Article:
The report, which we owe to a young worker in the Renault plant, sets out the political significance of the strike very clearly. The workers were in revolt for the 10 francs, against the “political grip on the union”, meaning the subjection of the union to the policies of the bourgeoisie which the Stalinist party had undertaken to force the workers to accept. In other words, the workers, some more consciously and others less, were going into battle to break the links which the workers’ organisations had woven with the bourgeoisie and its state. This lay at the bottom of the affair, which had crystallised in the ‘economic’ demand for the rise of 10 francs an hour. The activity which the vanguard had carried on in Departments 6 and 18 had correctly enabled this will be to expressed, organised and conscious.

Nonetheless, on 29 April, the CGT leadership tried a first manoeuvre in the face of the extent and the spread of the movement which had begun in the Collas sector. It called for a one-hour strike, for the following demands: an all-round hourly increase in the production bonus of three francs, payment of bonuses lost and time lost at the going rate, revision of ‘speeds’ and the organisation of a parity commission to revise speeds. But this manoeuvre failed. By the evening of 29 April there were 29,000 workers on strike. While the plant manager Lefaucheux and the Minister of Labour alike were refusing to meet the strike committee, L’Humanité was warning the workers against ‘the swindlers who are collecting strike support funds without the authority of the CGT’.

Faced with the treachery of the Stalinist leadership, the strike committee decided to address every worker in engineering in the Paris region. The leaflet of the Central Strike Committee of the Renault plants, which was addressed to engineering workers of the whole Paris region (and which the printworkers produced without taking any pay for their work) raised all the political problems, the fundamental problems, with which the whole working class was faced:

`In order to carry on this struggle which was of concern to every worker, the strike committee immediately appealed to all the Renault plants. Despite the opposition by the official trade union leadership, the workers, whether members of unions or not, and irrespective of whatever trade union or political organisation to which they belong, unanimously support our demands.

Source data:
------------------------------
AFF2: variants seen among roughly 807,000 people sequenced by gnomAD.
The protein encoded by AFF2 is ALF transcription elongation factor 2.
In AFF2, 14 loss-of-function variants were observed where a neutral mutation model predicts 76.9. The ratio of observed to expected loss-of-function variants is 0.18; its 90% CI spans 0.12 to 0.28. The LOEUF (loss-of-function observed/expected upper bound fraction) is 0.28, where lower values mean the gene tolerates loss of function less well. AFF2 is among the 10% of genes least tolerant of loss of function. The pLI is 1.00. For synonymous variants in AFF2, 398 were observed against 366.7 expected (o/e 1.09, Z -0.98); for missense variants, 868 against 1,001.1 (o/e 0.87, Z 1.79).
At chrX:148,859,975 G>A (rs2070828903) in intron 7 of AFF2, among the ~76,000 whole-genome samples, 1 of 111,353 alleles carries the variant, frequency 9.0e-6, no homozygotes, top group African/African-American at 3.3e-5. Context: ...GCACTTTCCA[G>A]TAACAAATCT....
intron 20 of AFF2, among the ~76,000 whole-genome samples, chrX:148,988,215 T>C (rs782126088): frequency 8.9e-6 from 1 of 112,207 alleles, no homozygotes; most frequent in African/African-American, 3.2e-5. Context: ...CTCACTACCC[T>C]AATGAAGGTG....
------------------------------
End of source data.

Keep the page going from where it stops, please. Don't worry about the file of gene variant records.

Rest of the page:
We are mandated to present these demands to the employers’ leadership. In the person of Mr Lefaucheux, this leadership has refused to meet us and has treated the workers’ delegation with the utmost contempt. Mr Lefaucheux makes light of the workers’ most elementary right to elect their own representatives. He wants to impose upon us the same people as in the past, who have supported his anti-working class activities, and with whom he hopes to arrange to deceive us once again, but in vain.

In other words, the struggle against the policy of class collaboration required that the workers be able to elect their own representatives. Such is the significance of the strike committees, the only purpose of which is not to meet the requirements of abstract democracy but to be the only possible way to break the counterrevolutionary resistance of the apparatuses, if we may take up the formulation which Trotsky used in his article Committees of Action – not Popular Front (in Whither France).


The strike committee leaflet explained the general significance of the demand for the ten francs an hour, and ended as follows:

Up to now our work has been obstructed by those who claim to be our leaders, but who not only do not defend us but go so far as to oppose our struggle, either because they are accomplices of the employers or because they lack confidence in themselves, and have taken the disastrous position of waiting to see what happens.

Our task is, ourselves, to defend our demands. We have had to overcome the same difficulties as you know. But our example proves to you that these difficulties can be overcome. The workers in our factory have elected, directly from among themselves, in the course of their struggle, the delegates whom they have mandated to achieve these demands. The working class is rich in people who will show what they are in action and who, even if they lack experience at the beginning, can quickly learn to correct themselves in action when they have general support.

The Stalinist apparatus was defending the policy of subjecting the working class to the interests of capital, of the government and of bourgeois power. The real problem was that of the policy and activity of the revolutionary militants, especially of those who claimed to be for the Fourth International, who were drawing support from the mass movement and opening before it a road of opposition to the Stalinist apparatus.